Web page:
As a kid, I used to pinch a handful of borlotti beans off mum when she was shelling them so I could plant them in the vegie garden. Not always in the most appropriate places and I got into trouble for it a few times. All was forgiven when they eventually sprouted a lovely crop though. Radicio e fasoi was and still is, a favourite of mine, especially when you can get the tender first cut or “primo tagio” of the radicio.

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  3. I love borlotti beans, maybe because of eating them as a child. I also have made the salad described by Ambradambra, but with Spanish onion. I am going to plant some in Spring, but was looking at the diggers catalogue, as I read there were several kinds. Which ones would you recommend?

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  4. Such a beautiful tribute to your father Paola, I loved his post. I really look forward to making your salad soon. Borlotti beans have been a new crop in our garden and I adore them, such beautiful warmth in their colour. xx

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    • Thanks Mrs M. I think of my father so often and see him in so many things around me – I guess that is why they say that your parents continue to live in you even when they have passed.

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  5. I love beans of any kind and this reminds me of my nonna. She used to grow beans of different varieties and made lovely bean soup out of them. It was really thick and tasty and so filling. Ideal for a large growing family. There were borlotti, and 2 or three other kinds, but I don’t know what they were, one was purple in colour with black speckles. We couldn’t visit her often as we lived in England and she in a little village called Conoglano, but I have very fond memories of my times there.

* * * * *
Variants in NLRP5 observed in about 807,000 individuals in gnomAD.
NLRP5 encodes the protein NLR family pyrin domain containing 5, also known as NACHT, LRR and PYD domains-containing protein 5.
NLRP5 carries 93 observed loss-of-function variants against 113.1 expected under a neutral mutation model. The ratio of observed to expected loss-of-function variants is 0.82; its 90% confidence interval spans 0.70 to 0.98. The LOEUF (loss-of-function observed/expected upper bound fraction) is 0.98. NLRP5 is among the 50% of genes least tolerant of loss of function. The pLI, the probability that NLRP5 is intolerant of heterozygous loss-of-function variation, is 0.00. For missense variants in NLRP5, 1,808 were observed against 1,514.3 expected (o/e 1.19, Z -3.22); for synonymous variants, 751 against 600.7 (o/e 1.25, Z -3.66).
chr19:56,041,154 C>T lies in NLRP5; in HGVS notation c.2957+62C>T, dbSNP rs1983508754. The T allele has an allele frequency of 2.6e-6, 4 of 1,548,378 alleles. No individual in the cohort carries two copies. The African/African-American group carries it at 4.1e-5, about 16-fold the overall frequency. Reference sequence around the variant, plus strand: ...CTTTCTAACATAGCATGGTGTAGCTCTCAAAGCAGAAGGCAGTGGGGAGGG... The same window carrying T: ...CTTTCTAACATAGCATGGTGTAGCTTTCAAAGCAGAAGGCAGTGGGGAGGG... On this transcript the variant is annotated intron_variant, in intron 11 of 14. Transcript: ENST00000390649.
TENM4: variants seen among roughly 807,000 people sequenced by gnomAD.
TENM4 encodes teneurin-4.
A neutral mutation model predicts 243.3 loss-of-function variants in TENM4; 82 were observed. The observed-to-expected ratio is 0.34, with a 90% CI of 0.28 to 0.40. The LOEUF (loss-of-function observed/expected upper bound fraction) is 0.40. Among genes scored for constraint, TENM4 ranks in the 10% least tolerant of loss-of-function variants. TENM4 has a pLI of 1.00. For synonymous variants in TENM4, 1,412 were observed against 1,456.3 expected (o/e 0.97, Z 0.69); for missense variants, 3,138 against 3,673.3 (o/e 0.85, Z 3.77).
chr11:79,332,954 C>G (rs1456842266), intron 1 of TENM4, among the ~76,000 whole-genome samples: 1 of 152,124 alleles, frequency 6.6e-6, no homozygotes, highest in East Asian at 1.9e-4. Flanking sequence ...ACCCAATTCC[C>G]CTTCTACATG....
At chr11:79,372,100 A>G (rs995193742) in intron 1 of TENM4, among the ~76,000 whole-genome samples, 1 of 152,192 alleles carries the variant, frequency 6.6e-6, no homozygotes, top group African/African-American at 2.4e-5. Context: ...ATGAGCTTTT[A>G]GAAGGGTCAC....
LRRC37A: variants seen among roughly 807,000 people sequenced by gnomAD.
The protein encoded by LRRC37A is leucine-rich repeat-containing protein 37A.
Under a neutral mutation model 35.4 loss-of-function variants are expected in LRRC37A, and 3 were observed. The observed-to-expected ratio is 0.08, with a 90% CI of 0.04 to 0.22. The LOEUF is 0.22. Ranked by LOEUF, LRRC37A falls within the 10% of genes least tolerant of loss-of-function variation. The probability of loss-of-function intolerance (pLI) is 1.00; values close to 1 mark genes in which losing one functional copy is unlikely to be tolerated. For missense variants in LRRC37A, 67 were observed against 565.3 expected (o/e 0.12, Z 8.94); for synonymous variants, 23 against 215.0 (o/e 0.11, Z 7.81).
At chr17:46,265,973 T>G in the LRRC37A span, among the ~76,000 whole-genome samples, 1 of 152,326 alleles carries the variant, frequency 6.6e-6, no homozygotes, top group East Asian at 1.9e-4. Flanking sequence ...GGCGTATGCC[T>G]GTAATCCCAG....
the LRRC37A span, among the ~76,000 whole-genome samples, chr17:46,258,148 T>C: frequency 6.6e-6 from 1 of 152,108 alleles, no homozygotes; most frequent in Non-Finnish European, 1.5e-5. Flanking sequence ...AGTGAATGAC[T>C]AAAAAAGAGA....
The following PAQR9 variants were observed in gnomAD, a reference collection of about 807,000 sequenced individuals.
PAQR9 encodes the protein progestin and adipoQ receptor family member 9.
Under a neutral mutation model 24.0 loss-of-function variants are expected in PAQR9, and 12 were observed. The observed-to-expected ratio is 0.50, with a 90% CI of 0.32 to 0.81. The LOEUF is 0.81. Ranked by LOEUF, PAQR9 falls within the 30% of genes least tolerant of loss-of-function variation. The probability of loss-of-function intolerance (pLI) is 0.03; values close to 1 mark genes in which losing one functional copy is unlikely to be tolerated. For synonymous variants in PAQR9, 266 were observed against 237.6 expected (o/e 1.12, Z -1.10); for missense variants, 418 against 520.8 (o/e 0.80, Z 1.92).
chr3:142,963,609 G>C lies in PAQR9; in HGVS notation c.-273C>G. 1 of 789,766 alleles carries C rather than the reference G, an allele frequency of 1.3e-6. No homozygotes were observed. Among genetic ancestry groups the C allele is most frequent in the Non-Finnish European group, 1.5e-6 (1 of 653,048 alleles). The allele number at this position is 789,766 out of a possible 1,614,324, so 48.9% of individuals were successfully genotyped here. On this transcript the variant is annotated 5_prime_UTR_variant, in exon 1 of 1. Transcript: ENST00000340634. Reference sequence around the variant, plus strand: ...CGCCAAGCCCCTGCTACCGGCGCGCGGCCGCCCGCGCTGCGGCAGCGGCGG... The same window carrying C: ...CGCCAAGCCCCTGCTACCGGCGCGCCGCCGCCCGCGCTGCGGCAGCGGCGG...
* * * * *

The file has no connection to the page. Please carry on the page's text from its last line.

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    • Ciao Gianna, i didn’t know there was more than one variety of borlotti – we always had the ones in the photo I have above. So your nonna is from Veneto? Is she still with us? What lovely memories you have of her – and with nonnas it is so often about food. Just lovely

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      • Ciao, I think the beans were types of green (runner) beans which were left to grow in the pod. My nonna was from Conoglano, Friuli (near to Udine). Sadly she passed away when I was a teenager, but I have very fond memories of her. Mia mamma has also passed away some 8 years ago now and I miss her tremendously. I still visit the village she grew up in and the few relatives that are left, and to me it feels like a second home.

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      • ciao Gianna, I had not heard of Conoglano – I read it as Conegliano (in Veneto). I love Udine and it’s surrounds. So sorry to hear of your nonna and mamma’s passing. It must be a great comfort for you to return to the village where they are from. Thanks for sharing your story with me

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  6. This is off the subject perhaps, but as a fellow blogger I really like the way you’ve solved the issue of photographing those borlotti beans—beautiful when raw but rather dull when cooked.

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    • thanks Frank, that is very kind of you. It is unfortunate that the beans turn so grey when cooked, in spite of their wonderful taste. I would have liked to have snapped the olive oil glistening on the beans as well but it didn’t quite work out the way I expected, but I like them anyway. Thanks again